Banking stress tests in Europe have a rocky history. While the tests conducted by the United States Federal Reserve in 2009 restored confidence in the financial sector, European tests have been undermined almost immediately by bank failures. Stress tests in 2010 gave a clean bill of health to Ireland’s two biggest banks just months before the Irish banking system fell apart, requiring widespread bank bailout. In mid-2011, Belgium’s Dexia passed stress tests only to be rescued for the second time shortly thereafter.
The latest eurozone bank stress tests, the results of which were released on October 26, represent even higher stakes. 130 banks were examined, accounting for 82% of total banking assets in the euro area, and 25 of them failed, according to the European Central Bank (ECB).
It is FSG’s view that this round of stress tests has gone a long way to improving the eurozone financial system. The success of the tests is important not just for improving bank lending, but also because it helps move Europe toward creating a financial system in which lenders are judged by their own creditworthiness rather than that of their governments. The ECB will take on regulatory responsibility of eurozone banks on November 4, creating a single supervisor and common framework for winding down failed banks and taking important steps toward breaking the toxic link between banks and their governments. This is a good first step, but is only the beginning of a sustained period of deleveraging that will be required before Europe’s twin banking and sovereign debt crises wane.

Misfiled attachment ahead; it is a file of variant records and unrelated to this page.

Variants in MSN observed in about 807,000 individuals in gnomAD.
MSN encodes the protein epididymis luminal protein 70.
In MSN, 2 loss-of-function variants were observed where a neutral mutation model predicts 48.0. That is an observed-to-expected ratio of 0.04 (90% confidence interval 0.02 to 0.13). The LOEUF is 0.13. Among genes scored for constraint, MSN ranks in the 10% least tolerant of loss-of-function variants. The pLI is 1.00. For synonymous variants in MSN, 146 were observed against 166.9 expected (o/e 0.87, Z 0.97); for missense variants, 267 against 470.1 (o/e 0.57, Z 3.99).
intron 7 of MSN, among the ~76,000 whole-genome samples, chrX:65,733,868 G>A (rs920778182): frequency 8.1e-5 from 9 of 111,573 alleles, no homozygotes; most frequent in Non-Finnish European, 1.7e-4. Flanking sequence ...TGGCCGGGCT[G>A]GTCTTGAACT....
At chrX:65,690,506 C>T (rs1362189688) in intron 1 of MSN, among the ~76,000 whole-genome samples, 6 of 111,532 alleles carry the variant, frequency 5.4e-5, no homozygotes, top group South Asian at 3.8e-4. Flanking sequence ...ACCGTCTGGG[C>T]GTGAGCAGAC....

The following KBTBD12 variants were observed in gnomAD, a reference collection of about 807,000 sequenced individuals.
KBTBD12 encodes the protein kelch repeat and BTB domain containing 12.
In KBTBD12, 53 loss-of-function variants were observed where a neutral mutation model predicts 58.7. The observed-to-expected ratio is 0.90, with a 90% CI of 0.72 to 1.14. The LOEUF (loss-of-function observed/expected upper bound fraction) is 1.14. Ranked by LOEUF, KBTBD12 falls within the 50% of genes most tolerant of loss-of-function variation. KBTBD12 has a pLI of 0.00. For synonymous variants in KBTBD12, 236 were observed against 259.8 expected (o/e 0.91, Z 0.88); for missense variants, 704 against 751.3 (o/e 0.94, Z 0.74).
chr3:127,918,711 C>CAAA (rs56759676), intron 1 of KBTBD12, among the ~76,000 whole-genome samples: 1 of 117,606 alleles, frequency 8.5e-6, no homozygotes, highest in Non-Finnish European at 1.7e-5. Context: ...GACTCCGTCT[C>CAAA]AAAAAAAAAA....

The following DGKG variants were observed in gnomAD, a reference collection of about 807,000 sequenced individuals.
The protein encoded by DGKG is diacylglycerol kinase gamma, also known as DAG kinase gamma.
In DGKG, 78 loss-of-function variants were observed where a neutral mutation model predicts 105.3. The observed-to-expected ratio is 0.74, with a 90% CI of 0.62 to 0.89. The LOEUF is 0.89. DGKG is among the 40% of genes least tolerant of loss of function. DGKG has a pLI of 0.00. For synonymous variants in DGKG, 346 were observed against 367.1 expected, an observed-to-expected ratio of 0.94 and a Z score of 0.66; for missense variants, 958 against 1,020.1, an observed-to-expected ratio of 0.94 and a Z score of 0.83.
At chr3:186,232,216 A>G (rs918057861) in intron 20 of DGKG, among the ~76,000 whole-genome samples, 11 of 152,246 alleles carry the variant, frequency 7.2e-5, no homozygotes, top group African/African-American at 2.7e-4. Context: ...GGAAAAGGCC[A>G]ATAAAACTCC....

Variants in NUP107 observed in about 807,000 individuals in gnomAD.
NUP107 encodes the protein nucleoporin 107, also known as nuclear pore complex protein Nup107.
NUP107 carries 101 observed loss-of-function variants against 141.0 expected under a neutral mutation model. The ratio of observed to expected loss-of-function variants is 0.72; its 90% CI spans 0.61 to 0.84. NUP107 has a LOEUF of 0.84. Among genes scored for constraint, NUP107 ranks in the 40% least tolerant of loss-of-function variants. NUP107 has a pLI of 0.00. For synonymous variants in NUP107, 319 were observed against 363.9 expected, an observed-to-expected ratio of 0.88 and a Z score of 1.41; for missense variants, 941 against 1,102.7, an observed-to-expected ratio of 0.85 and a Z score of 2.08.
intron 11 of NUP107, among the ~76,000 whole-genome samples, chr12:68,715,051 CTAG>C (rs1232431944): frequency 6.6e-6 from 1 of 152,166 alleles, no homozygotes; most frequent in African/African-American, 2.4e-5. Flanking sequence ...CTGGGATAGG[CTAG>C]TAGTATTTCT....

In the meantime, however, eurozone businesses will continue to struggle as low supply of loans — a result of the sluggish pace of deleveraging — and low demand for loans — a result of slowing growth and geopolitical uncertainty — exacerbate the region’s vicious credit cycle. Companies should proceed to engage their customers and partners to ensure that they have the financing they need to buy and distribute their products. Companies should also manage their expectations for growth next year. While breaking Europe’s credit cycle could result in improved bank lending and growth in subsequent years, 2015 will be another year of deleveraging and adjustment, further dampening Europe’s growth outlook.
The results of the bank stress tests were better than expected, but are not the last word on Europe’s financial sector health